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Professional Services

Moving to a Professional Services Subscription Model

Seven Steps to Creating a Professional Services Subscription Offer

4 min read
By David Young

“What are professional services subscriptions?” and “How do we get started designing new offers where the revenue generated will roll up as annual recurring revenue (ARR)?” are the two most common questions TSIA Professional Services Research has responded to over the past three to four months.

Subscription services is the new, appealing model for many professional services organizations. Delivering recurring revenue is considered higher value toward the overall valuation of the company. These new services pivot the focus from product or engagement success to the longer view of customer success. 

Subscription-based products are being fueled by various innovations in cloud computing and mobile connected devices. This is the main reason behind the spiking interest in professional services to move to a subscription model. As more companies take the initial steps to create subscription services offers, it’s become an increasingly popular topic.

The economic turbulence will lead some to slow down a bit, while others will use the opportunity to release new professional services subscription offers. With the intensifying interest, there is a bit of confusion on what exactly professional services subscriptions really are.

This blog will review:

What are Professional Services Subscriptions?

Professional services subscriptions are services that are designed to be renewed, unlike traditional, transactional project-based services. They focus more on customer needs and outcomes rather than product functionality. 
 
Subscription services really need to be thought of as a renewable service that has a recurring revenue model paid for up front. This revenue is then recognized over the course of months or years. Subscription/renewable services routinely have a flexible consumption model leveraging vouchers or credits. 

They typically have contract terms and conditions that include language such as “use it or lose it” within a certain timeframe. “Use it or lose it” refers to expiring currency or service entitlements, which encourages customers to consume services before the end of term.
 
Let's face it: If a subscription service is not renewed, it is essentially a transaction. Thus, renewing the subscription is a new priority for professional services delivery teams. Project managers and customer success managers need to become more focused on long-term success for the customer.

Types of Professional Services Subscriptions 

With input from our members across TSIA practices, the following taxonomy should help set the stage for a common industry definition for subscription services. 

  • Transactional services are the traditional professional services that have a natural life cycle with a defined scope of work and a defined end or completion date. These traditional services are essentially project-based services.
  • Contractual services are engagements that have a termination date but do not have a well-defined scope. They typically don’t have defined deliverables. Contractual services have a termination date and require a renewal event. Put differently, they are “good” until the end of the term. Technical account manager (TAM) engagements or resident engineers are common examples of contractual services.
  • Subscription services are ongoing agreements with no end date or term. Subscription services are “good” until canceled. 
  • Renewable services typically refers to either contractual or subscription services. The main driving force behind renewable services is recognizing the revenue as annual recurring revenue (ARR) as opposed to typical services revenue. 
The 4 Types of Professional Services Subscriptions
The 4 Types of Professional Services Subscriptions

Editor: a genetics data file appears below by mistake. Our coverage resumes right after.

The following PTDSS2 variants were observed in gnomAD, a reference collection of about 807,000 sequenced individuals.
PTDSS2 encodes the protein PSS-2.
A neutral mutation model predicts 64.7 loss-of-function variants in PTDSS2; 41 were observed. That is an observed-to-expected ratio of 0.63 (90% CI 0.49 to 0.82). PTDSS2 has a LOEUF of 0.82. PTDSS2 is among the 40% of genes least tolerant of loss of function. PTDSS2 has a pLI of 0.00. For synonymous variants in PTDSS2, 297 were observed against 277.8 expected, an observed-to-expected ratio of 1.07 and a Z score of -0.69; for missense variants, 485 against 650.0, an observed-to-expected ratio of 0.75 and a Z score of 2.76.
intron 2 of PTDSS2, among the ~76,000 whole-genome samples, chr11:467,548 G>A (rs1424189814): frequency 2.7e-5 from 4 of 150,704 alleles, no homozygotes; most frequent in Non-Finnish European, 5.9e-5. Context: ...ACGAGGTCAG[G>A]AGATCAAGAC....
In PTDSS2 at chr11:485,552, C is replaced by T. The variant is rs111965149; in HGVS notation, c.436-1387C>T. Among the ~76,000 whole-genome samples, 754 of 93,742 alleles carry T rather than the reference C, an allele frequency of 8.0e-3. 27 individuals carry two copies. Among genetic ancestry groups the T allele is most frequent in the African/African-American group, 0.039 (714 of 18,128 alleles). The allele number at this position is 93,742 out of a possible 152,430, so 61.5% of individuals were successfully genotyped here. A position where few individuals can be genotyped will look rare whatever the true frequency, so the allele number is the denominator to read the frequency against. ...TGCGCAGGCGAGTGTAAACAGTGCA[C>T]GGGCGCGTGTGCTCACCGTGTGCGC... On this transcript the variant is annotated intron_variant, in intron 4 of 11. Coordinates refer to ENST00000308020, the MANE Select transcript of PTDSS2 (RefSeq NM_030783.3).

Customer interest in renewable services must be considered. Over the years, we have seen many offers developed that simply do not land with the customer. 

When designing professional services subscription offers, customer interest is foundational, as is having company funding to transform the organization in support of renewable offers.

Before Getting Started…

Recurring services revenue involves many changes across the organization. It requires the organization to come together and approach the overall customer engagement differently with more focus on the customer’s desired outcome instead of the company’s desired outcome.

Continuous value or continuous incremental value is at the heart of the renewable offer(s). Transforming the organization to focus on customer value over the traditional feature function of technology has been underway for years. It’s been a slow journey.  The amount of organizational change needed to pivot the sale, delivery, and operational motions to customer value is routinely underestimated. For many, it can be a pretty heavy lift.

There are warning signs to take into consideration. Rolling out an offer without the operational processes will lead to friction points, delays, or even complete failure of the offer set. Although time is of the essence, you should guard against releasing the new offers too quickly. Cross-functional planning will be the winning play.
 
Moving to a renewable professional services subscription model requires a collaborative approach. Salespeople, customer success managers, and project managers must stack hands on the customer value journey. 

The change involves all customer-facing resources aligning on the overall charter to drive long-term customer success and increase renewal rates.

Making the Move to a Professional Services Subscription Model

We find more companies are taking a component approach when selling new subscription offers. Funding for these components is through flexible currency, such as credits, vouchers, or blocks of hours that are paid for as part of the subscription. 

These components become part of the entitlement for the subscription. The customer can, in many cases, self-serve from the services catalog. The focus of ratable revenue recognition for services may be a new concept for some companies, further complicating flexible consumption and subscription rollout.
 
Operationally, this shift requires new customer consumption analytics. If the model is “use it or lose it,” losing the entitlement due to lack of consumption puts real pressure on the likelihood that the customer will renew.